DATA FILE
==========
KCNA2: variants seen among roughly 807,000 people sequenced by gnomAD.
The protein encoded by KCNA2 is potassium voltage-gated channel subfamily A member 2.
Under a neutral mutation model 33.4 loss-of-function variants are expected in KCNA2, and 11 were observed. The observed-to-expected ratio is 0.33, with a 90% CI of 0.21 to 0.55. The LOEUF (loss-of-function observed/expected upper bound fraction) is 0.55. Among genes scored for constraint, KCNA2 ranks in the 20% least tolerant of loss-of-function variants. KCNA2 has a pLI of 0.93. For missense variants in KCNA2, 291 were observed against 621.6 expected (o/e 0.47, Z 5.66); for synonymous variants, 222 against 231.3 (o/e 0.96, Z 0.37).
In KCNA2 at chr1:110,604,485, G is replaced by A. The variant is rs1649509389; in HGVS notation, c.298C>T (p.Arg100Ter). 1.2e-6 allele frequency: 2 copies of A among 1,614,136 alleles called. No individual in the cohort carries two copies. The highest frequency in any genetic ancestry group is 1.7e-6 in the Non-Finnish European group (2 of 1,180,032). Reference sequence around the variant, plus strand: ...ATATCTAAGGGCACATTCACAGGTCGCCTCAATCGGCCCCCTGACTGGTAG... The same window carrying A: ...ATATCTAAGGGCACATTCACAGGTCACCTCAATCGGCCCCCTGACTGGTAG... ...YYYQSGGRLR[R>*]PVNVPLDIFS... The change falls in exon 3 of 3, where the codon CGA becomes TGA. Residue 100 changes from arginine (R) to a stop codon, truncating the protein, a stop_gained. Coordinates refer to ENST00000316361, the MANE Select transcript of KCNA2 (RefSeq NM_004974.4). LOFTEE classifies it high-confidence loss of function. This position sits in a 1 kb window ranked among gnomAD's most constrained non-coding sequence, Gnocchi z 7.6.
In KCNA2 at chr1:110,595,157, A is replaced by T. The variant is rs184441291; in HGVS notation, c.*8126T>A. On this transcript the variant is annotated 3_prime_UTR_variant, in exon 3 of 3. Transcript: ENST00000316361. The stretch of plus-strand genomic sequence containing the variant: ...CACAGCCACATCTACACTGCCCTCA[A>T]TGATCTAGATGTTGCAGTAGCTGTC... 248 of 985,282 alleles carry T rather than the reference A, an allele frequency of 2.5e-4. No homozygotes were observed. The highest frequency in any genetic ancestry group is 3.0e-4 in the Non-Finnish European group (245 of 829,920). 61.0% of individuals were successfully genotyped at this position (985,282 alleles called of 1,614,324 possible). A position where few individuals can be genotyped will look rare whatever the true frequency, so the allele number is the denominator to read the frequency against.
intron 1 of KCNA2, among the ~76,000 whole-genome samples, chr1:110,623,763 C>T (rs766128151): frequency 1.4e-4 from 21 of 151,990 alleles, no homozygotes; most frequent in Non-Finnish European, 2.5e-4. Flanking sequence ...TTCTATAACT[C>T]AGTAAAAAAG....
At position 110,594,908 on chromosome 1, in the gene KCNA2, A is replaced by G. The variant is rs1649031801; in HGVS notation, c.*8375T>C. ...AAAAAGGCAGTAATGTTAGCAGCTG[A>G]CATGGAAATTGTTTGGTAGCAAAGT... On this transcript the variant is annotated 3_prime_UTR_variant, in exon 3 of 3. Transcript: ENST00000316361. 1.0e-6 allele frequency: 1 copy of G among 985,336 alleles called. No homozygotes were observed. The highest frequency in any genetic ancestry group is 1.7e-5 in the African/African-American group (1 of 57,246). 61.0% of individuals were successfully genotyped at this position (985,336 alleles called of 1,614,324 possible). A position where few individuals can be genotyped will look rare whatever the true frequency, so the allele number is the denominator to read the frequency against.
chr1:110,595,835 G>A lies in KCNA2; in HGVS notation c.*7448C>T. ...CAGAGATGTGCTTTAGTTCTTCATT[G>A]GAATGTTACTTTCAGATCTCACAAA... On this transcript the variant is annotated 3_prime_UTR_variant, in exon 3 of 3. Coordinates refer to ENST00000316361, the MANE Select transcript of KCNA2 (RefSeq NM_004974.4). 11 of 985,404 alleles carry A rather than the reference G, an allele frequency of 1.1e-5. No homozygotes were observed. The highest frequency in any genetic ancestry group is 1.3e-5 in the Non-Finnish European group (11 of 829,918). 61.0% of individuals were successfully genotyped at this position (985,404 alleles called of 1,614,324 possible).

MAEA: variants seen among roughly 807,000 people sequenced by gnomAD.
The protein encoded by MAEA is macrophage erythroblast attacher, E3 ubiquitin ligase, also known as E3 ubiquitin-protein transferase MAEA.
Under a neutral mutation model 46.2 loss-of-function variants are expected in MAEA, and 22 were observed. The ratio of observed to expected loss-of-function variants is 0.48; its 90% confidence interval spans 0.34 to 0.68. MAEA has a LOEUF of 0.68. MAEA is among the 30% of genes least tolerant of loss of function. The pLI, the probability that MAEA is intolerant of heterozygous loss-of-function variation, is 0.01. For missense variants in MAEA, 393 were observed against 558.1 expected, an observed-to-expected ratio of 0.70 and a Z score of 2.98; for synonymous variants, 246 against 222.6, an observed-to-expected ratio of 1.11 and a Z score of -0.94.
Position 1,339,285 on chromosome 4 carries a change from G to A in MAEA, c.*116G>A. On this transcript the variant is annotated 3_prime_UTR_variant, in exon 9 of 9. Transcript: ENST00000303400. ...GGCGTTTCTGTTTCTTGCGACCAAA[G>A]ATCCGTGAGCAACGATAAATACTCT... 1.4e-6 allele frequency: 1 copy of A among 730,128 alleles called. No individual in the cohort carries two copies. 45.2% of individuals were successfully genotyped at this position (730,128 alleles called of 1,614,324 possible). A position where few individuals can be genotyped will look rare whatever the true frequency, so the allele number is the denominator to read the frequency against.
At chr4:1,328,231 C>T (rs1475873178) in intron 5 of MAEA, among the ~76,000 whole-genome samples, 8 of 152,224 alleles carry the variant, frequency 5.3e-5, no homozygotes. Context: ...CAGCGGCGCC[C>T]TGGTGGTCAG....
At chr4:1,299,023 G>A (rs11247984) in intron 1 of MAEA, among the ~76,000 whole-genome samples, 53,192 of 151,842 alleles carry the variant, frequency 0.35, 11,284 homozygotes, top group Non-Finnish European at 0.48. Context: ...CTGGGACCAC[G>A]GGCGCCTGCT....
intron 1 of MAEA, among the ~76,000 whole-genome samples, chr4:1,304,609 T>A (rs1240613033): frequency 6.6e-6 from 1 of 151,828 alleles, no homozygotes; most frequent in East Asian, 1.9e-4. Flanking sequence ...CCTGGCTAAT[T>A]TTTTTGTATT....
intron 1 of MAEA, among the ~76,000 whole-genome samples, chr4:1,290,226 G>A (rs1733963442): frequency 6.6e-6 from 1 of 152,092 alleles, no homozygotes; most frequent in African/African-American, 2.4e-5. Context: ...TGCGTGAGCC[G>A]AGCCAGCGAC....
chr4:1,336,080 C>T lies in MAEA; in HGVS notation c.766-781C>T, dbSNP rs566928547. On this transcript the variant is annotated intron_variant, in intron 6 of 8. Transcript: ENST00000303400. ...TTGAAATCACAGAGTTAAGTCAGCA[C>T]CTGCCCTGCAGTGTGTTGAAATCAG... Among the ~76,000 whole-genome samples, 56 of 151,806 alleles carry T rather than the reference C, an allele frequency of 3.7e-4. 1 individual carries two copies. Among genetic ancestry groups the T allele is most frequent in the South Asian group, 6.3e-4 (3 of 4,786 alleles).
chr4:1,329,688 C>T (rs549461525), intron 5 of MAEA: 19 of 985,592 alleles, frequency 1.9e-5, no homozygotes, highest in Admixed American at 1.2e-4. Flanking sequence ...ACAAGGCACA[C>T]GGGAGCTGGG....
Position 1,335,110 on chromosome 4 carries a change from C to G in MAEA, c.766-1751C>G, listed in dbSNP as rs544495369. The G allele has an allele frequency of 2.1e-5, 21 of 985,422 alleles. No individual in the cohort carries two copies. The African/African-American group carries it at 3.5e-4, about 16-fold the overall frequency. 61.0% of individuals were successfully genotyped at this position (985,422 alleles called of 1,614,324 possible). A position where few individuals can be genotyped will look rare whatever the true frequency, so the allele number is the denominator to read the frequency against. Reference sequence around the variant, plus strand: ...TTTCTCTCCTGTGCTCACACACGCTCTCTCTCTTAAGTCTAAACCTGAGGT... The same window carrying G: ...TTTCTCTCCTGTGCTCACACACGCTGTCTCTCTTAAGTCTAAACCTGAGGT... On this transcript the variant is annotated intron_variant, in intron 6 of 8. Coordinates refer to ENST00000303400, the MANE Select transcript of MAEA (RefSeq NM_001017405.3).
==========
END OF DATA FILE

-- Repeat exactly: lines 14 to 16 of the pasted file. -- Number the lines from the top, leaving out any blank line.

At chr4:1,299,023 G>A (rs11247984) in intron 1 of MAEA, among the ~76,000 whole-genome samples, 53,192 of 151,842 alleles carry the variant, frequency 0.35, 11,284 homozygotes, top group Non-Finnish European at 0.48. Context: ...CTGGGACCAC[G>A]GGCGCCTGCT....
intron 1 of MAEA, among the ~76,000 whole-genome samples, chr4:1,304,609 T>A (rs1240613033): frequency 6.6e-6 from 1 of 151,828 alleles, no homozygotes; most frequent in East Asian, 1.9e-4. Flanking sequence ...CCTGGCTAAT[T>A]TTTTTGTATT....
intron 1 of MAEA, among the ~76,000 whole-genome samples, chr4:1,290,226 G>A (rs1733963442): frequency 6.6e-6 from 1 of 152,092 alleles, no homozygotes; most frequent in African/African-American, 2.4e-5. Context: ...TGCGTGAGCC[G>A]AGCCAGCGAC....